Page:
Ruffles, unicorns and grunge came out in full force at this week’s Concept Korea show to highlight why the fashion world has all eyes on a country better known for music and skincare.
In its 14th season, the Korean-government-sponsored show has become a New York Fashion Week staple. Backed by the sonic amalgamation of hip-hop, K-pop and the New York Orchestra, Korean designers Yohanix, KimmyJ, and Greedilous (pronounced “greedyous”) each brought their own flair to Pier 59 on Thursday morning. Yohanix’s aggressively dark streetwear contrasted with the lines presented by KimmyJ and Greedilous as the former’s playful, fantastical outfits took their neon cues straight from the ‘70s and the latter’s bright graphics wowed the audience. Altogether, the three designers presenting at Concept Korea offered a general representation of South Korea’s populist attitude towards fashion through their highly accessible clothing lines.
Brought to New York by the Korea Creative Content Agency (KOCCA) and hosted by the Korean Ministry of Culture, Sports, and Tourism, Concept Korea’s aim is to spread up-and-coming designers and the style culture of South Korea. While K-beauty and Korean pop culture, including K-pop, television dramas, and film, have growing presence around the world, South Korea’s designers are still angling for their place in the international fashion scene. “The main objective of Concept Korea and KOCCA is to focus on the fashion more,” said Kyeonghwa Ji via translator ahead of the event. “We expect that New York Fashion Week will help raise interest in the designers and sales ahead of their upcoming shows in London, Paris, and Milan.”
Korea’s fashion-forward culture has led to the country’s recognition as a burgeoning style hub and trendsetter. South Korea is often a predictor of what fashion trends eventually emerge in America and Europe. For example, Seoulites were flaunting chokers more than a year before the ’90s trend resurfaced in the U.S.
The mainstay of Korean fashion is its versatility, and designers featured at Seoul Fashion Week typically eschew couture in favor of favor wearable, comfortable fashion.
Yohanix’s punk rock line meshed urbanwear with elaborate details, including asymmetrical hems, heavy metallic embellishments, and open-faced jeans creating what designer Yohan (Taegeun) Kim calls “street carpet” fashion. “It’s a combined word of streetwear and red carpet,” said Kim, who graduated from the London College of Fashion and worked with Balmain Paris before starting his own line, which has since graced popular K-pop stars like Choi Sooyong and Kim Taeyeon of Girls’ Generation. “We try to imagine that whoever is wearing our garment in the street would look like she can be on the red carpet.” Free-flowing ruffles and lace were paired with leather, spray paint smiley faces, and graphic T-shirts to create the designer’s idea of “street carpet” fashion.
The youngest of the three, and fan favorite amongst K-pop stars such as f(x), Sistar, Girls’ Generation, and AOA, KimmyJ flaunted the definition of high fashion. Casual items such as bright tracksuits, khakis, athletic wear, and jean overalls contrasted with her poppish unicorn-emblazoned items and flowing robes based on Korean hanboks. “I wanted easy, everyday outfits that utilize special silhouettes,” KimmyJ’s Heejin Kim said via translator. “I added a lot of embroidery featuring easy western motifs and Asian aspects, and also mixed in ‘70s hip hop [style].”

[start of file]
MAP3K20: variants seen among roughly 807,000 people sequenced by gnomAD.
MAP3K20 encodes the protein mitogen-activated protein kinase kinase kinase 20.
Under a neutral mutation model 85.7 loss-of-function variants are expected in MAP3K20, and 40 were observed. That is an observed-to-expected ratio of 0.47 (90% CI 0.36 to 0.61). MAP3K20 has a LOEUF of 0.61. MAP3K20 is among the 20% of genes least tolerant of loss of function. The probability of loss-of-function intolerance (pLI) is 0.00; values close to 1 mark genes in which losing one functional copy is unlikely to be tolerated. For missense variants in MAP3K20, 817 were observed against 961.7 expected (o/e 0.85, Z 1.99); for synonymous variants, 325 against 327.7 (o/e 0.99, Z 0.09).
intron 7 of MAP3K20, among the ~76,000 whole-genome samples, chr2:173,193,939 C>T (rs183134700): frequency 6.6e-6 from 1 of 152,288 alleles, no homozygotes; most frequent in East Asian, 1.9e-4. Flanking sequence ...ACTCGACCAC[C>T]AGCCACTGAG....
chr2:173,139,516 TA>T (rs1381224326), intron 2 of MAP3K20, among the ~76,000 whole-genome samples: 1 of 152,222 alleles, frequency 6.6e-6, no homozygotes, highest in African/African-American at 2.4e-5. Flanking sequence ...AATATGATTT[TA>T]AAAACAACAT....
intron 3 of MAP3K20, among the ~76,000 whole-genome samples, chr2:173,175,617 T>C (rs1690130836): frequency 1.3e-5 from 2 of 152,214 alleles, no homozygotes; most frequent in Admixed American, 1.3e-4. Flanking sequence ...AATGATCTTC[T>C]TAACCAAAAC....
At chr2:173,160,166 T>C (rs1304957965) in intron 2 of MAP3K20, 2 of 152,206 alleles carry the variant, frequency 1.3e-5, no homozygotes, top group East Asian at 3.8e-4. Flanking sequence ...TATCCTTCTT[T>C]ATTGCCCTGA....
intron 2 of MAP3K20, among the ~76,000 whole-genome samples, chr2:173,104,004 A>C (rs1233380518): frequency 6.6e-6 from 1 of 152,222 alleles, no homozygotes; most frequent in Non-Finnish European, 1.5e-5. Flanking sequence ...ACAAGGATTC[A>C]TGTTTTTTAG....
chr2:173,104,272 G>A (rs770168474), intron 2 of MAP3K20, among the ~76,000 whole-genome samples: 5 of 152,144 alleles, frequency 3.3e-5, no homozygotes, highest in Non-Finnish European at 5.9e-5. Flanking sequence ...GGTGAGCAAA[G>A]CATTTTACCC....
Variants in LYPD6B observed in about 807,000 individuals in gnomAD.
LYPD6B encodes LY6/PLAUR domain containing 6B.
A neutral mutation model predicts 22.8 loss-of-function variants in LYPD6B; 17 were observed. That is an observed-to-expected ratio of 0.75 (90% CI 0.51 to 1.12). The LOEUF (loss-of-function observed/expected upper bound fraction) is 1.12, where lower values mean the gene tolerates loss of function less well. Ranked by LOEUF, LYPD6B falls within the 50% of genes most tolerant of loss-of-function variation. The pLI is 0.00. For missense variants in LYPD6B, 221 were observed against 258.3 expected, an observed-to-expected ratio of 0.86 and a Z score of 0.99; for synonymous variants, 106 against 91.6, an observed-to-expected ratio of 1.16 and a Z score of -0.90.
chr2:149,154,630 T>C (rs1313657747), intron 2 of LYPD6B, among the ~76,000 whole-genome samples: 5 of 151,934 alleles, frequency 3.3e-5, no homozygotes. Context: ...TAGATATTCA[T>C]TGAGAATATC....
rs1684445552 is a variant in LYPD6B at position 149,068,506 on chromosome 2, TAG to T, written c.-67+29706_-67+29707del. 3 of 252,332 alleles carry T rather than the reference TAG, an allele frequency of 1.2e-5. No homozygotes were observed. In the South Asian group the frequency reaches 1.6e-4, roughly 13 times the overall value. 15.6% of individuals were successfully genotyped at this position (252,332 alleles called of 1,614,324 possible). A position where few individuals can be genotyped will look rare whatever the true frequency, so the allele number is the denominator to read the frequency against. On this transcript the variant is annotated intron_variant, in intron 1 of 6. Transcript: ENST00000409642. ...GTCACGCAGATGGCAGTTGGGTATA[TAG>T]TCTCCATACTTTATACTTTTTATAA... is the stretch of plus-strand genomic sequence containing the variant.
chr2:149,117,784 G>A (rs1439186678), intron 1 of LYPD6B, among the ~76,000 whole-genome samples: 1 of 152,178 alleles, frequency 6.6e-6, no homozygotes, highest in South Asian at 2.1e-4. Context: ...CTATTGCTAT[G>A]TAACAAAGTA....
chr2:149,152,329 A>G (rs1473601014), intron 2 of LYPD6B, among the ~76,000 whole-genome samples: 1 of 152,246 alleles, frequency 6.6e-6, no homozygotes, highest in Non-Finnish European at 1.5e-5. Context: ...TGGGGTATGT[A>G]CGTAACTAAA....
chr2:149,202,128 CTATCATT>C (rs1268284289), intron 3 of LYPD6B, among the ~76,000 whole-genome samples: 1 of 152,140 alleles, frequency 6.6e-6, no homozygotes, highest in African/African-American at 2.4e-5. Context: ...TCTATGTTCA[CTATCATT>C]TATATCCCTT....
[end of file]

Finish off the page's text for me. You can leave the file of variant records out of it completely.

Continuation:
The morning ended with Greedious’s flamboyantly patterned line; not a single outfit lacked the brand’s typical bold graphics. Despite the colors and wild designs, the collection featured a more professional tone than the preceding lines, showcasing business suits, blazers, slacks, and dresses alongside more casual pieces. Designer Younhee Park incorporated structured ruffles and Lucite heels into the collection for added flare. “I wanted to make a collection specifically for New York.” Park told The Hollywood Reporter via translator. “I really want to see more color in New York City. It’s all black! I made pieces that can easily be mixed and matched naturally with the black New Yorkers love so much.”
Park, whose clothes have been seen on everyone from Beyoncé to popular California-born K-pop star Amber from the girl group f(x), also expressed feeling more international awareness of Korean fashion following the rise of interest in K-beauty and Korean pop culture in general. “Because of the popularity in K-fashion, I feel that there’s more of an interest by the media and the world in Korean designers,” said Park. “So I’ve been able to grow more as a designer, as myself, because of it.”
While Hallyu, or the Korean Wave, predominantly revolves around pop cultural exports, the phrase extends to style, occasionally referred to as K-fashion. Because of their popularity, Korean actors and K-pop stars are regarded as trendsetters worldwide and several have made appearances at New York Fashion Week in the past. While prominent Korean stars were absent from Concept Korea this year, models walked down to several K-pop songs rearranged to match the accompaniment of the New York Orchestra, including Baauer’s “Temple” featuring M.I.A and G-Dragon, the frontman of K-pop boy band BIGBANG. The finale, “Good Boy” by G-Dragon and BIGBANG’s Taeyang was a fan favorite, with many audience-members opting to stay until the end of the performance to record one of Korea’s trendiest exports and post it on Instagram.
Over by 11 a.m., Concept Korea made a compelling, and stylish, argument about the artistry coming out of South Korea’s creative minds.
This article was originally published by The Hollywood Reporter.